Could someone please help me to understand the following sentence from wren and martin.

It is a common mistake to use I for me, when the pronoun is connected by a conjunction (and, or) with some other word in the accusative case.

Study the following correct sentences :-
The presents are for you and me (Not, I)
My uncle asked my brother and me(Not, I) to dinner

I did not understand how the examples follow the reasoning given by the book.

  • The simplest way to understand this is mentally to eliminate the other party. Thus one would say The presents are for me (not I) and My uncle asked me (not I) to dinner. Nothing changes if you introduce another party.
    – WS2
    Sep 2, 2016 at 7:26
  • 1
    Possible duplicate of Which is correct, “you and I” or “you and me”?
    – MetaEd
    Sep 2, 2016 at 21:35

1 Answer 1


@Tarun is quite right, the correct form is easy to determine by considering how the sentence would be constructed if the other person were not involved. Unfortunately there is a tendency for native English speakers to get this wrong in both directions. Working class speakers will often say things of the form "Me and my brother went to town" when they would never say "Me went to town". Some speakers of dialects from the English West Country will say "Give that to I" but that form is never used in the rest of the UK. However in the late 19th or early 20th centuries the aspiring middle classes began to be taught that the "Me and my brother" or even the more polite "My brother and me" form is always 'low', 'working class' and incorrect regardless of context. This leads to well educated people saying things like "My father built a tree house for my brother and I" (Bear Grylls on television) when they would never say "My father built a tree house for I" unless they were from the West Country working class. I have noticed that this has spread to American English for some reason and I even heard the Queen's niece Lady Sarah Chatto using it in a television documentary a few weeks back. When it's got into the speech of the royal family perhaps there is no hope of ever getting it right again!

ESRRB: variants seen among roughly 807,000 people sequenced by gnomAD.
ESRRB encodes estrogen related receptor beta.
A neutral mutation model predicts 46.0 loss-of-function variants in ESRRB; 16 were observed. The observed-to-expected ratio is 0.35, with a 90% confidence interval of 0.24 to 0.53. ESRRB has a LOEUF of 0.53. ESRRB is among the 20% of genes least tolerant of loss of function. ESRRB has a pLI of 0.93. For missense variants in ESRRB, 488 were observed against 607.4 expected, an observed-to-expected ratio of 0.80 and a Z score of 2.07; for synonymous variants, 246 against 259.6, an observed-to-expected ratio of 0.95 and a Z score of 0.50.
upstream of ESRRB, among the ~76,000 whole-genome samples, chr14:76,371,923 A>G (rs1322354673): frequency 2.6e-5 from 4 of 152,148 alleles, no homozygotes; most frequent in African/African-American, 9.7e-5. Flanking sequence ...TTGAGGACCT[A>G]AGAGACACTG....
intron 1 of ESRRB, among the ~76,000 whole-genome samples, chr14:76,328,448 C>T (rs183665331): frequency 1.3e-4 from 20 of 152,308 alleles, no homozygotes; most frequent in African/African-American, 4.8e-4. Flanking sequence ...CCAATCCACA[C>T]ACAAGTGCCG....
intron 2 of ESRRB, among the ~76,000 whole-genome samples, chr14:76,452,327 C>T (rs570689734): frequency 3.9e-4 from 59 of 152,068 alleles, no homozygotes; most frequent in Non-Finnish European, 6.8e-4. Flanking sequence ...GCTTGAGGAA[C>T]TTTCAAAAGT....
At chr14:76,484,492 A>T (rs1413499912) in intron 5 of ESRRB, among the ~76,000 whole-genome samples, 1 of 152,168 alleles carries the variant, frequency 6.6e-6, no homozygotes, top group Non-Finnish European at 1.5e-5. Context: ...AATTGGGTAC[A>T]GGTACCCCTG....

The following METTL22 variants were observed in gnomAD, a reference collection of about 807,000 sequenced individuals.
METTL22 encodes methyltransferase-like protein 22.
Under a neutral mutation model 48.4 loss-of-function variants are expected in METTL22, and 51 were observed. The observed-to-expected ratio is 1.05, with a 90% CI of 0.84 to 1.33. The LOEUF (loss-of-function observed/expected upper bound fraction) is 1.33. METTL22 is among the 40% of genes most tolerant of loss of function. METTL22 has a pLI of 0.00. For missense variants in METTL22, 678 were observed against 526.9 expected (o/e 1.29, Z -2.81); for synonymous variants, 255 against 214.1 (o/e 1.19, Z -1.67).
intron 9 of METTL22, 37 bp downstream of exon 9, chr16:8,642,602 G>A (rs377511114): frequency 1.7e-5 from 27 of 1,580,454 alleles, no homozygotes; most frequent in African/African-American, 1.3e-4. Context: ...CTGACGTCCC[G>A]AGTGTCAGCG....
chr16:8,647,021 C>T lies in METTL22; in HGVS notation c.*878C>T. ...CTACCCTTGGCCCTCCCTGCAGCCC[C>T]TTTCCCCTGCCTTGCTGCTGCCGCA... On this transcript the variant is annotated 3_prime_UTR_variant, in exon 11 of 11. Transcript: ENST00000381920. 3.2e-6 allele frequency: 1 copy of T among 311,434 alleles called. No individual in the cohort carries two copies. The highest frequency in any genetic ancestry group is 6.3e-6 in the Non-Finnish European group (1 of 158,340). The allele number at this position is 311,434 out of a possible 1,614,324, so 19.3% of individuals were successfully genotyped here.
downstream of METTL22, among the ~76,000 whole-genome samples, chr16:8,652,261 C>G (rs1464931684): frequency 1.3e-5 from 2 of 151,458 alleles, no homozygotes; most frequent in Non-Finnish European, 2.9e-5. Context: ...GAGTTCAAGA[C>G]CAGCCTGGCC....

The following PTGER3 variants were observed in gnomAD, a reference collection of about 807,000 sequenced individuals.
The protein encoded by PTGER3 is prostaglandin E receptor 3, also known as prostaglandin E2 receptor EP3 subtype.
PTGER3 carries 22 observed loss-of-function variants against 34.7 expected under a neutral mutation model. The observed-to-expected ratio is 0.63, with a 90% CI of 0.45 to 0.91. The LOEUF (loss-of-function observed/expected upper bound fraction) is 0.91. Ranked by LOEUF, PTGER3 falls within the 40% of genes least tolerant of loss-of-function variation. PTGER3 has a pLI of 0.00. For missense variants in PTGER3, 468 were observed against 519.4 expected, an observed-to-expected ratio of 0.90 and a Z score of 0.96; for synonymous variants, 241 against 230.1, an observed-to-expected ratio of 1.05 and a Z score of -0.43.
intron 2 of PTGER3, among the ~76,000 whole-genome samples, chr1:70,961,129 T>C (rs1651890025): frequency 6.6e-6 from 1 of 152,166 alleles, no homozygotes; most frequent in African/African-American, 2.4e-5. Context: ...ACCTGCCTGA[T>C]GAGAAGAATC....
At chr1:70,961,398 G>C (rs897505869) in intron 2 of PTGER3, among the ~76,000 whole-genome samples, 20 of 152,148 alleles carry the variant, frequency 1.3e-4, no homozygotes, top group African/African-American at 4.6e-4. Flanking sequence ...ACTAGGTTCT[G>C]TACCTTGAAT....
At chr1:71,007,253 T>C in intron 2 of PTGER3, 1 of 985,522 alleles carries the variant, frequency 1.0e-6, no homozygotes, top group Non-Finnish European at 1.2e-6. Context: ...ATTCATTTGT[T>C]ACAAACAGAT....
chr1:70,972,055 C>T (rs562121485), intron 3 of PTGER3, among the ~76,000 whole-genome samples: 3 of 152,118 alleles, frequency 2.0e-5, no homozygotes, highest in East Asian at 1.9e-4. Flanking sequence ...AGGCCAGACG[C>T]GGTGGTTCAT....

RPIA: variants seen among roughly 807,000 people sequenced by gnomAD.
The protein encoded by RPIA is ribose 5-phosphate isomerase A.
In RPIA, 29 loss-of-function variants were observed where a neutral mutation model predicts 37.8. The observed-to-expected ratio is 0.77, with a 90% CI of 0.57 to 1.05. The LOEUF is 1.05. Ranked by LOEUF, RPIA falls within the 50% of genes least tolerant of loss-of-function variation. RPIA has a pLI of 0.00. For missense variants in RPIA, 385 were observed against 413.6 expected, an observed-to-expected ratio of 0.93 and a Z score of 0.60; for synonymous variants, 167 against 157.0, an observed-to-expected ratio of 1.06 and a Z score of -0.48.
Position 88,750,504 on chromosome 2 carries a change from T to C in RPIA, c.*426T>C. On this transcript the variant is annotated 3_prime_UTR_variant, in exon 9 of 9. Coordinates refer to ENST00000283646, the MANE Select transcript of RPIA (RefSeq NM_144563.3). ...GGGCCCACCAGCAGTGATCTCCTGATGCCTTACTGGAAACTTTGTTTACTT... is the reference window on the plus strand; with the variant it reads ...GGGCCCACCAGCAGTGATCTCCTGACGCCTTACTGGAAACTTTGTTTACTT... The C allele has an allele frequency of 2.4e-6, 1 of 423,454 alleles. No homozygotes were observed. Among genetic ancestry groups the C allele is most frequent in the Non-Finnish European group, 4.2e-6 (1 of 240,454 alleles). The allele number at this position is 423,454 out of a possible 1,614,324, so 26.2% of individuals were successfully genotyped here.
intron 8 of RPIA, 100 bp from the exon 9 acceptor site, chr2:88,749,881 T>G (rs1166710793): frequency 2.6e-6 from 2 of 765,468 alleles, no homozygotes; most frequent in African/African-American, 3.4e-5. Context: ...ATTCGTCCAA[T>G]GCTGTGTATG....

• This is a wall of text, you might want to put some paragraph breaks in to motivate people to actually read it. ;)
    – Helmar
    Sep 2, 2016 at 9:15
  • Sorry about that I was using an android tablet and couldn't find a way of inserting newline characters. In fact I've just tried the carriage return on my laptop in this comment and it's just posted it rather than inserting a paragraph break.
    – BoldBen
    Sep 2, 2016 at 14:03
  • You can still edit the answer.
    – Helmar
    Sep 2, 2016 at 14:37

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